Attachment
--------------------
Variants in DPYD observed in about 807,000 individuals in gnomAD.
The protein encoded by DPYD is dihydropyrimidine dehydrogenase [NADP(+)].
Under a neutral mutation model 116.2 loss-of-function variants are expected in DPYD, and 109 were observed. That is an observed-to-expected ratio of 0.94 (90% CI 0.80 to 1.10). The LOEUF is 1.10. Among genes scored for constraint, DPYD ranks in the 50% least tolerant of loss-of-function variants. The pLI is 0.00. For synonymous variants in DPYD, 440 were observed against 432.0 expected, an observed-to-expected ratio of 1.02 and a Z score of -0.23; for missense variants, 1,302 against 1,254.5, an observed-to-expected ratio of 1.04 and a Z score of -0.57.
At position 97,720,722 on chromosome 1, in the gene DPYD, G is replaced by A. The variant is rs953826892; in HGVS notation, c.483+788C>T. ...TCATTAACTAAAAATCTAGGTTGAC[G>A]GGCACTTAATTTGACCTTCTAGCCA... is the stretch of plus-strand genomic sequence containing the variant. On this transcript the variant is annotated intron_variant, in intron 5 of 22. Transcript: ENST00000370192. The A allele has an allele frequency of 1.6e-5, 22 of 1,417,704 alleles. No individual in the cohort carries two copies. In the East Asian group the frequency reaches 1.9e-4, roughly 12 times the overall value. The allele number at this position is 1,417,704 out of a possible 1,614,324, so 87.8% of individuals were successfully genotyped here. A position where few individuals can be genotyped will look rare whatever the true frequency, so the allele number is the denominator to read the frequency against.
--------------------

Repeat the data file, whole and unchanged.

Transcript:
Variants in DPYD observed in about 807,000 individuals in gnomAD.
The protein encoded by DPYD is dihydropyrimidine dehydrogenase [NADP(+)].
Under a neutral mutation model 116.2 loss-of-function variants are expected in DPYD, and 109 were observed. That is an observed-to-expected ratio of 0.94 (90% CI 0.80 to 1.10). The LOEUF is 1.10. Among genes scored for constraint, DPYD ranks in the 50% least tolerant of loss-of-function variants. The pLI is 0.00. For synonymous variants in DPYD, 440 were observed against 432.0 expected, an observed-to-expected ratio of 1.02 and a Z score of -0.23; for missense variants, 1,302 against 1,254.5, an observed-to-expected ratio of 1.04 and a Z score of -0.57.
At position 97,720,722 on chromosome 1, in the gene DPYD, G is replaced by A. The variant is rs953826892; in HGVS notation, c.483+788C>T. ...TCATTAACTAAAAATCTAGGTTGAC[G>A]GGCACTTAATTTGACCTTCTAGCCA... is the stretch of plus-strand genomic sequence containing the variant. On this transcript the variant is annotated intron_variant, in intron 5 of 22. Transcript: ENST00000370192. The A allele has an allele frequency of 1.6e-5, 22 of 1,417,704 alleles. No individual in the cohort carries two copies. In the East Asian group the frequency reaches 1.9e-4, roughly 12 times the overall value. The allele number at this position is 1,417,704 out of a possible 1,614,324, so 87.8% of individuals were successfully genotyped here. A position where few individuals can be genotyped will look rare whatever the true frequency, so the allele number is the denominator to read the frequency against.